Lynn Slotkin’s review states that “Donna-Michelle St. Bernard tells a gripping, compelling story that is happening all over the world. Her stories and their telling are not clichéd into sameness. Each one is perceptively drawn, calmly told, clearly illuminated and will make you suck air for all the right reasons. She is a compelling presence who tells a vital story.” Chris Klippenstein emphasises in his review that Donna-Michelle “get(s) the audience to realize something about themselves” and describes the piece as an “intense, memorable constellation of storytelling.”

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There’s a 100% chance that Sound of the Beast will make you feel something. Don’t believe me? There’s only one way to find out. Get your tickets here! You can see it at the Asper Centre for Theatre and Film on Thursday, September 20, at 1:00 pm (followed by a talkback), Friday, September 21, at 9:00 pm, or Saturday, September 22, at 7:00 pm. You can also catch Donna-Michelle’s Real Thing lecture on Wednesday, September 19, at 12:30 pm. You won’t be disappointed!

 

Celebrating Our 2018/19 Season Launch!

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Resistance, Resettlement and Reconciliation – oh my! You’re invited to celebrate another incredible season of Winnipeg theatre! As part of First Fridays, Sarasvàti Productions will be hosting our annual Season Launch at Saddlery on Market, featuring free cupcakes courtesy of cake-ology! You can hear all about our incredible upcoming season of “Reimagining” featuring stories of Resistance, Resettlement, and Reconciliation.

The night will feature sneak peeks from a number of upcoming events, including the announcement of this year’s FemFest 2018 Bake-Off participants, One Night Stand series, and our brand-new Walking Art Tour. You can also enjoy a preview of The Game, a blend of Indian dance and theatre presented by Manohar Performing Arts of Canada. For a look at what’s coming up in the rest of our season, you can get a first glimpse of our new school tour, Home 2.0; learn who will make you laugh until it hurts at our annual Women’s Comedy Night fundraiser; be the first to know the theme for this year’s IWW Cabaret of Monologues; and new details will be revealed about our spring work-in-progress featuring stories of reconciliation.

Want to get creative? We’ll also be hosting a craft station with supplies generously donated by ArtsJunktion! Our speakers will also take part in our “Reimagining” Improv Game, telling us how they would re-purpose a common item to help tackle social issues!

Plus our exclusive FemFest 2018 t-shirts with original artwork by Danielle Morrison, printed by Floodway Printing Co., will be available for sale. For just $20 be one of the first to wear this fashionable tees.

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Join us on Friday, August 3rd as we look forward to another amazing year of life-changing theatre for everyone. The fun kicks off at 7PM – feel free to pop in as you enjoy other events hosted by First Fridays in the Exchange! For more information on the festivities, check out our event page.

Our Friends at the Fringe!

It’s that time of year again! The Winnipeg Fringe Festival is coming up next week and as usual, you can catch our team out and about spreading the word on FemFest 2018: Staging Resistance, including the chance to win a free festival pass! Big thank-yous go out to all the companies who are helping us promote FemFest 2018.

We had the opportunity to preview some amazing shows at our One Night Stand series in May, featuring new work by eight local companies as part of Prairie Theatre Exchange’s Carol Shields Festival.  If you’re looking for some great shows to see, check out some of the fantastic productions put on by our past collaborators:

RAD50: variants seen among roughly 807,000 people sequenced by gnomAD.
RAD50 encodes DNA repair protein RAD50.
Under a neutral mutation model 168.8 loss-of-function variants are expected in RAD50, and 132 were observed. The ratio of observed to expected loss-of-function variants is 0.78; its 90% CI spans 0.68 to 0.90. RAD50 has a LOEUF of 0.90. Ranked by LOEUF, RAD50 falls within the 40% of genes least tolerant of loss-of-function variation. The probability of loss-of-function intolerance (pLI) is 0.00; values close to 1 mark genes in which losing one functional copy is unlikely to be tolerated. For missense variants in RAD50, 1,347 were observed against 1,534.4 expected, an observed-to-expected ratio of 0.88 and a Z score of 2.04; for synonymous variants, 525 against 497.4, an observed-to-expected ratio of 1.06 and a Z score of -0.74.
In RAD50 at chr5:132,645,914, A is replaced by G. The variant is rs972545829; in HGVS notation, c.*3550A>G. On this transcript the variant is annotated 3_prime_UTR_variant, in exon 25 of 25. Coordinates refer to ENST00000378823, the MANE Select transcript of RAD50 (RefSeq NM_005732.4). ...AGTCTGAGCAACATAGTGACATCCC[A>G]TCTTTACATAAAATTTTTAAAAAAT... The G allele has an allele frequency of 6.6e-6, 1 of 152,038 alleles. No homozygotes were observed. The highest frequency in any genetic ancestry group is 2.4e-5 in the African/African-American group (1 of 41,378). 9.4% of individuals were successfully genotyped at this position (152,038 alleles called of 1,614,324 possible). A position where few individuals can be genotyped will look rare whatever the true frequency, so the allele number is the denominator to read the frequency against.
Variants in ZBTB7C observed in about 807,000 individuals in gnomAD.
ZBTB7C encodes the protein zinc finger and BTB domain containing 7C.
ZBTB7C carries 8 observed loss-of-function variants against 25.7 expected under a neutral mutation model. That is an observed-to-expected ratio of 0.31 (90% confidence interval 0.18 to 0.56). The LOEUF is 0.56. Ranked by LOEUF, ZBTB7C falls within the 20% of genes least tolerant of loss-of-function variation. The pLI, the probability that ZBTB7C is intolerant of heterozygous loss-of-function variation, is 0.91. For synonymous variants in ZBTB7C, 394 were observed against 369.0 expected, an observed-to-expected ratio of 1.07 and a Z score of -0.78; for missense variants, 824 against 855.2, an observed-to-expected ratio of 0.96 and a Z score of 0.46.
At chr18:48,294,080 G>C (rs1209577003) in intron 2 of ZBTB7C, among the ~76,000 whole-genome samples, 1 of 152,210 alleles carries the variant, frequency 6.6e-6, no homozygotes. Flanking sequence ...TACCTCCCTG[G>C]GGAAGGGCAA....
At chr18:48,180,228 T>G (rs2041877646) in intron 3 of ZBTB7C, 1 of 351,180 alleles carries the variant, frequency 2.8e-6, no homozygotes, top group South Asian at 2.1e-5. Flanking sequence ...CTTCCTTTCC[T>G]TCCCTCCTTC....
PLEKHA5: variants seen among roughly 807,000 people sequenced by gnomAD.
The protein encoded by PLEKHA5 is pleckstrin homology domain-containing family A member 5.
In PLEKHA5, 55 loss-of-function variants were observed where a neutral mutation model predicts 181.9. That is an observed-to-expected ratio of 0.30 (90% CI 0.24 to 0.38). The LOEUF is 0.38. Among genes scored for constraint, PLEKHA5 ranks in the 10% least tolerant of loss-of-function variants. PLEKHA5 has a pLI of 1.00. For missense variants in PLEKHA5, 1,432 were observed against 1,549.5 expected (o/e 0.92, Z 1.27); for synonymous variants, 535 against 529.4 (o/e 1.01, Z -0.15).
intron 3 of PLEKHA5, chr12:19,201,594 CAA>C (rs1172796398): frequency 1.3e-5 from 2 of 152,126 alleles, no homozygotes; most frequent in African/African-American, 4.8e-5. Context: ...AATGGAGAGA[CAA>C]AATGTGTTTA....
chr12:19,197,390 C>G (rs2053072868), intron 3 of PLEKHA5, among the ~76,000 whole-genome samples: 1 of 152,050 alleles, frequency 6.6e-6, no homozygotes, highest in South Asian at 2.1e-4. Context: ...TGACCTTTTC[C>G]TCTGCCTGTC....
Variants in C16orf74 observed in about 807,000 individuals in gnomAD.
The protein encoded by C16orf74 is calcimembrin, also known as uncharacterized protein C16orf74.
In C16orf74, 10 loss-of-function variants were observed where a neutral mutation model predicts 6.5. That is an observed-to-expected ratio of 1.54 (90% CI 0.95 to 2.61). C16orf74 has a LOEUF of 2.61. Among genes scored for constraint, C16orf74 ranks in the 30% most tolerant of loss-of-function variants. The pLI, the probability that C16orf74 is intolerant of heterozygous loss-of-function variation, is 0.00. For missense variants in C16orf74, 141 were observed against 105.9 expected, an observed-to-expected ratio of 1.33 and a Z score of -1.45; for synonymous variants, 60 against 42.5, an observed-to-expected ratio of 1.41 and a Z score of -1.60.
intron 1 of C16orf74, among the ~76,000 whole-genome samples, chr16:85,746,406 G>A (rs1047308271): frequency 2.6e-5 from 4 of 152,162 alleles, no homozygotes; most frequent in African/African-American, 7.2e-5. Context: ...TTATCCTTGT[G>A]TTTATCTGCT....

ONEDATECITY.fin (1)One Date City presented by It’s All Relative Productions

Written by Reba Terlson and co-created by Craig Terlson
Directed by Kaeleigh Ayre

Cast: Reba Terlson, Rachel Hiebert, Drew Jensen

Best friends Morgan and Julie have awful luck with dating. Julie just got out of a relationship and forgets how to date, and Morgan can’t remember the last time she had a worthwhile date. They place a high-stakes bet to see who can go on one great date.

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Mother’s Little Secret presented by Broken Record Productions

Written by Jo MacDonald, winner of the FemFest 2017 Bake-Off!

After her latest accident, two daughters conspire to move their mother into a retirement facility. But Casa Espia is no ordinary senior’s home.

 

 

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Animosity presented by Downside Up Productions

Written by Wren Brian

Directed by Ntara Curry & Sami Desiree

Cast: Melissa Langdon & Sophie Smith-Dostmohamed

Two people. Trapped in an abyss. Refusing to get along. In this absurdist/existentialist play two people struggle with feelings of fear, disconnection, and anger at each other, the space, and themselves. This is a companion piece to last year’s Anomie (winner of the Harry Rintoul Award for Best New Manitoban Play at the 2017 Winnipeg Fringe).

 
Fractured Expectations Graphic (715x800)Fractured Expectations, a collective creation presented by Timeless Weaver

Directed by Rachel Smith, co-director of our International Women’s Week Cabaret of Monologues

Cast: Alicia Coulson, Jacob Janzen, Matthew Lupu and Erica Wilson

What kinds of expectations do you have in life? Finish your degree and immediately find your dream job? Go on a blind date and find the person of your dreams? Expectations can become a positive mantra to help you achieve your goals. Other times they can be a curse: an endless stream of disappointments.

 

2018-96735-web.jpgConfessional presented by The 28th Minute

Written by Tennessee Williams

Directed by George Toles

Cast: Heather Roberts, Jen Robinson, Kevin Ramberran, Justin Fry, Sylvia Richardson, Ivan Henwood, Sherab Rabzyor Yolmo, and our 2018 production assistant Reid Girard!

Tennessee Williams’ play-writing voice is always a lyrical plea for mercy. In Confessional, he takes us to Monk’s Bar, not far from Treasure Island Trailer Park. Eight characters, variously down and out, form a loose community of the not quite vanquished.

 

2018-125778-web.jpgThe Last 48 presented by ArtLaunch Theatre Company

Written by Camille Intson

Directed by Raffie Rosenberg and Simon Miron

Cast: Wes Rambo, Chris Sousa, Pamela Roz, Jack Maier, and Emily Meadows